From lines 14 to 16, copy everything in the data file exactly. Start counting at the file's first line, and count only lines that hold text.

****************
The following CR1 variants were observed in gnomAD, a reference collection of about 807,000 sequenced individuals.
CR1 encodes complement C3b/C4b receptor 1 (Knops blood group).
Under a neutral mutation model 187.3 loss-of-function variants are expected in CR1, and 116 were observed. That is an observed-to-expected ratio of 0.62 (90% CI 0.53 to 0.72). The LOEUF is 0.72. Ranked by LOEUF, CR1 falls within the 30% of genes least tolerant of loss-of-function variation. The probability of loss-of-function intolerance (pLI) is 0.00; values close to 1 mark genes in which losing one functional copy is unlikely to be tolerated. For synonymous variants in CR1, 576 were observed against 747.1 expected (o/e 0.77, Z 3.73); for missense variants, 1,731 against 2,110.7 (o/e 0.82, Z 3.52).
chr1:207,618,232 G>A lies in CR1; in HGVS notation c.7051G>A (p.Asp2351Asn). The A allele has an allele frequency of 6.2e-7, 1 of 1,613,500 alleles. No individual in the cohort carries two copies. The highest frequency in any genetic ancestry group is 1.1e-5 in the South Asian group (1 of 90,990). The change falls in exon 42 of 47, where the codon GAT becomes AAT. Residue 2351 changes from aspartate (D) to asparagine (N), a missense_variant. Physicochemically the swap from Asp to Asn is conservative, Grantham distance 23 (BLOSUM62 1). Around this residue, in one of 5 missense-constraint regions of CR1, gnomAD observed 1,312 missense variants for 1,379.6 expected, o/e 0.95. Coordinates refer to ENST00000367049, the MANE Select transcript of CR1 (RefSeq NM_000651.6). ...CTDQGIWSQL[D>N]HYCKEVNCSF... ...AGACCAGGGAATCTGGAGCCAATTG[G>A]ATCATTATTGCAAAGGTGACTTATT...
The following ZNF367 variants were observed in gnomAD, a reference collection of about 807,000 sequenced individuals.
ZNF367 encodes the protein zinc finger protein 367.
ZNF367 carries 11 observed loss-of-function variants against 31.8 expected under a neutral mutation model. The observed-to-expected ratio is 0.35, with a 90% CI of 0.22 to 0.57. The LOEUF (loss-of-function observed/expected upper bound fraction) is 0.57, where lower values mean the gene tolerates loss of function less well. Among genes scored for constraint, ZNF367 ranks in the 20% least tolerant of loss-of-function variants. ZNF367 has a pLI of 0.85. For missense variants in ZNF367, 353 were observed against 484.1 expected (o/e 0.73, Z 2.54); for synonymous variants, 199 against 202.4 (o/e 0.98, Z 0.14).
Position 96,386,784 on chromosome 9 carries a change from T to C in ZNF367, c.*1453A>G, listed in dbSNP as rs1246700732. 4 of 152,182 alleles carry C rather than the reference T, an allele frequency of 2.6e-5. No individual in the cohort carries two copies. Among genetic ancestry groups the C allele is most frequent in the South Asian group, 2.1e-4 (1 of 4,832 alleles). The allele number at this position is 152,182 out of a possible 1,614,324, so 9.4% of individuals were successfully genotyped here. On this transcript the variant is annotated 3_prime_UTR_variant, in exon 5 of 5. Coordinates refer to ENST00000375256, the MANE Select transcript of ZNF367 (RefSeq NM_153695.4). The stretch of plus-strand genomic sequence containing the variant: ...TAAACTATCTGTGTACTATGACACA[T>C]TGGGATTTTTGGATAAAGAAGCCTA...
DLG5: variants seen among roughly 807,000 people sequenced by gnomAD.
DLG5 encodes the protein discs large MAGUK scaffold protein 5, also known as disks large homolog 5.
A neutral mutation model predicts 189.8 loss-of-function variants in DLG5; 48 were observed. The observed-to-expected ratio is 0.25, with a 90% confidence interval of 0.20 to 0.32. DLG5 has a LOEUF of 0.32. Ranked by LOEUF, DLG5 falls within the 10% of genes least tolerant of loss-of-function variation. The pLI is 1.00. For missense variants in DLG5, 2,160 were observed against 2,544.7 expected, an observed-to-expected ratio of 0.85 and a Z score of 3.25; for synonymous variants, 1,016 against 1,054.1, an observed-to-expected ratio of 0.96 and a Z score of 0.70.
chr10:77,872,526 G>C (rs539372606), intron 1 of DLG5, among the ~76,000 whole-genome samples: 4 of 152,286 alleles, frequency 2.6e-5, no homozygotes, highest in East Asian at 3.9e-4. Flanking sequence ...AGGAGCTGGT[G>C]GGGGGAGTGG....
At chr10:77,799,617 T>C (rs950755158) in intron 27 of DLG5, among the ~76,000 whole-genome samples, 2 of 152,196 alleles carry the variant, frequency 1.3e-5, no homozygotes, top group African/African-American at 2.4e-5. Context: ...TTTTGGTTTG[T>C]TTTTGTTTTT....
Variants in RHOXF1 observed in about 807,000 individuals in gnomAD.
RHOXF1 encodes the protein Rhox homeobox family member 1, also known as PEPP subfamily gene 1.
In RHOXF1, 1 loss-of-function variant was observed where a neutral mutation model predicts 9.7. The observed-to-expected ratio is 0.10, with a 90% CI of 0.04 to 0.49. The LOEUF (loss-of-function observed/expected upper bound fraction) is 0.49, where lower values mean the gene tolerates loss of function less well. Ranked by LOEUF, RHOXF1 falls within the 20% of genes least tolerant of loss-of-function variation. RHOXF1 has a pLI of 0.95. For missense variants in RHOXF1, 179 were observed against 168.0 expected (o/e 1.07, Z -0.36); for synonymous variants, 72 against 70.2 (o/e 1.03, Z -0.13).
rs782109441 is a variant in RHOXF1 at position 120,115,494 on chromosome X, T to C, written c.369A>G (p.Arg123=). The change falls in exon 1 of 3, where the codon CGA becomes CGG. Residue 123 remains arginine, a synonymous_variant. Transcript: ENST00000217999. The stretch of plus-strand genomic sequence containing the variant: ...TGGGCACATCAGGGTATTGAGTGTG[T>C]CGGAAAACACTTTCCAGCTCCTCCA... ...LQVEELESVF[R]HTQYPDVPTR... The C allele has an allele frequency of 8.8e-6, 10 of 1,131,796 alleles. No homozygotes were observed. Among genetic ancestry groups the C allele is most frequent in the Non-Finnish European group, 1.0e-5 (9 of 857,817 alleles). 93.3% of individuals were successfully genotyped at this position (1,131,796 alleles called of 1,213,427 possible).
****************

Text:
Variants in RHOXF1 observed in about 807,000 individuals in gnomAD.
RHOXF1 encodes the protein Rhox homeobox family member 1, also known as PEPP subfamily gene 1.
In RHOXF1, 1 loss-of-function variant was observed where a neutral mutation model predicts 9.7. The observed-to-expected ratio is 0.10, with a 90% CI of 0.04 to 0.49. The LOEUF (loss-of-function observed/expected upper bound fraction) is 0.49, where lower values mean the gene tolerates loss of function less well. Ranked by LOEUF, RHOXF1 falls within the 20% of genes least tolerant of loss-of-function variation. RHOXF1 has a pLI of 0.95. For missense variants in RHOXF1, 179 were observed against 168.0 expected (o/e 1.07, Z -0.36); for synonymous variants, 72 against 70.2 (o/e 1.03, Z -0.13).